Our trips to Toronto are always hard on Willa. She handles our actual time away fine, but as soon as I pick her up the day we get back she melts into my arms and laughs and cries at the same time into my shoulder. For the rest of that day, every emotion she had during the days we were away comes spilling out. I’ve learned on those days to take her home, give her a warm bath, put her in pyjamas and cuddle on the couch and watch Netflix until bedtime.
Usually Cohen is fine. He‘ll ask for a few more hugs than usual and some extra cuddles at bedtime, but he moves forward and accepts that these trips are good and necessary for Daddy. Our last trip here, though, he was so sad.
I knew it was because Chris wasn’t coming home with me. Since Cohen was a toddler he has struggled with Chris being away. I used to have to warn his preschool teachers so they’d know to give him some extra patience and love those weeks.
I made it home that trip just in time to take Cohen to hockey practice. Halfway to the rink I remembered it was his turn to be goalie. I told him so and he started sobbing saying, “I don’t want to be goalie if dad’s not there. I want him to shoot on me. I want him to help me get dressed. I’m not doing it without him!”
And, of course, that brought all my deepest fears to the surface and tears to my eyes.
I know how he feels. I don’t want to do anything without Chris anymore, either.
When Chris is away now I feel like part of my heart is outside of my body. I tie his shoes and kiss his lips and send him off for another day of work, and I am so grateful for that normalcy. But when he walks out the door each morning I feel like I am loaning him to the world.
When he was in Boston I was so happy for him, but I also felt strangely jealous of all the people who got to spend time with him when I couldn’t. I truly believe that Chris is going to be healthy and independent for so long, but fear is a powerful force and when he was away all I could think about was what I was missing rather than what I have been given.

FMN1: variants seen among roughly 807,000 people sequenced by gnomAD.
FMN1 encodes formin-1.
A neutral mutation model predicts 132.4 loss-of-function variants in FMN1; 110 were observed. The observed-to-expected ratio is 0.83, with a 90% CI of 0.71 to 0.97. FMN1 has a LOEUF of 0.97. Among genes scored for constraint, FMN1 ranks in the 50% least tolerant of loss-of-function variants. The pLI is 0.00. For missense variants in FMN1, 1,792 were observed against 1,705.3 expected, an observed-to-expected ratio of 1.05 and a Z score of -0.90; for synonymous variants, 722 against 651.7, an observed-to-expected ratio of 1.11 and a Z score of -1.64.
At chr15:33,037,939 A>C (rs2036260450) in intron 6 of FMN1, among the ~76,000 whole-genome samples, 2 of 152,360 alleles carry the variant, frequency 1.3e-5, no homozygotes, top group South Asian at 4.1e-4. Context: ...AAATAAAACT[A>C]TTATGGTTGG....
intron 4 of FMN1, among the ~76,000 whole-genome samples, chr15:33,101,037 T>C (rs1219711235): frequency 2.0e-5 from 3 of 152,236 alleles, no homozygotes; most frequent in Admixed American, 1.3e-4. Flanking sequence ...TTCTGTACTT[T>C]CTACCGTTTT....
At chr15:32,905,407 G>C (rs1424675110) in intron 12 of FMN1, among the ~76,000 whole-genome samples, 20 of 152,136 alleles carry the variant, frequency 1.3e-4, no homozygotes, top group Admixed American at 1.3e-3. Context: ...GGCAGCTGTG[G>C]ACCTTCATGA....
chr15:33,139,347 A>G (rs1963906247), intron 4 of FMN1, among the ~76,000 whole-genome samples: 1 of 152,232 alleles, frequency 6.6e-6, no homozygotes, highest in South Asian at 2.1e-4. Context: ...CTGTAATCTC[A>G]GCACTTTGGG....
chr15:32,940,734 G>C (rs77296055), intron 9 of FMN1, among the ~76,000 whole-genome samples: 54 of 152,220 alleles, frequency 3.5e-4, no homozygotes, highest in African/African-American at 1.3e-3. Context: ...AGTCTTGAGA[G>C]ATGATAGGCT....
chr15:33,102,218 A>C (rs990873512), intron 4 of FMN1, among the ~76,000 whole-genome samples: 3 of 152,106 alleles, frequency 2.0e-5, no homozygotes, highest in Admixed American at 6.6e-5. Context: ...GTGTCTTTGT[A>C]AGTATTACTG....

What I’ve been given is the chance to plan another summer of trips and holidays with my healthy family of four. What I’ve been given, already, is time that Chris’ diagnosis was supposed to take away.
I spent the last week asking myself, if I’ve been given all of this, what’s been weighing on me? What is it that I want? Yesterday, looking out the plane window as the mountains faded from view, I figured it out.
I want a guarantee that Chris will be ok.
When I was covering baseball, I loved endings. I was good at them. In journalism the end of a story is called a kicker, and they were my strength. I could almost always find a nice, clever way to wrap up my story in a way that, I hope, satisfied the reader. It was succinct, it didn’t leave you guessing, it completed the story.
But there is no kicker for this. There is no way to wrap it up. There is only this complete unknown, stretching out in front of me for the rest of my life. And I know that, really, that’s always been the case, that kickers only come in movies and books and, I guess in my case, newspaper articles.
I looked over at Chris, who was working on his laptop. He paused and told me something interesting about what he was doing.
I took a deep breath and let go. I’ll never have a guarantee. None of us get that.
But I have today, and I’m going to live it the best I can.
To donate to ALS Research in Chris’ name go to http://www.calgaryflames.com/snowystrong
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By Kelsie Snow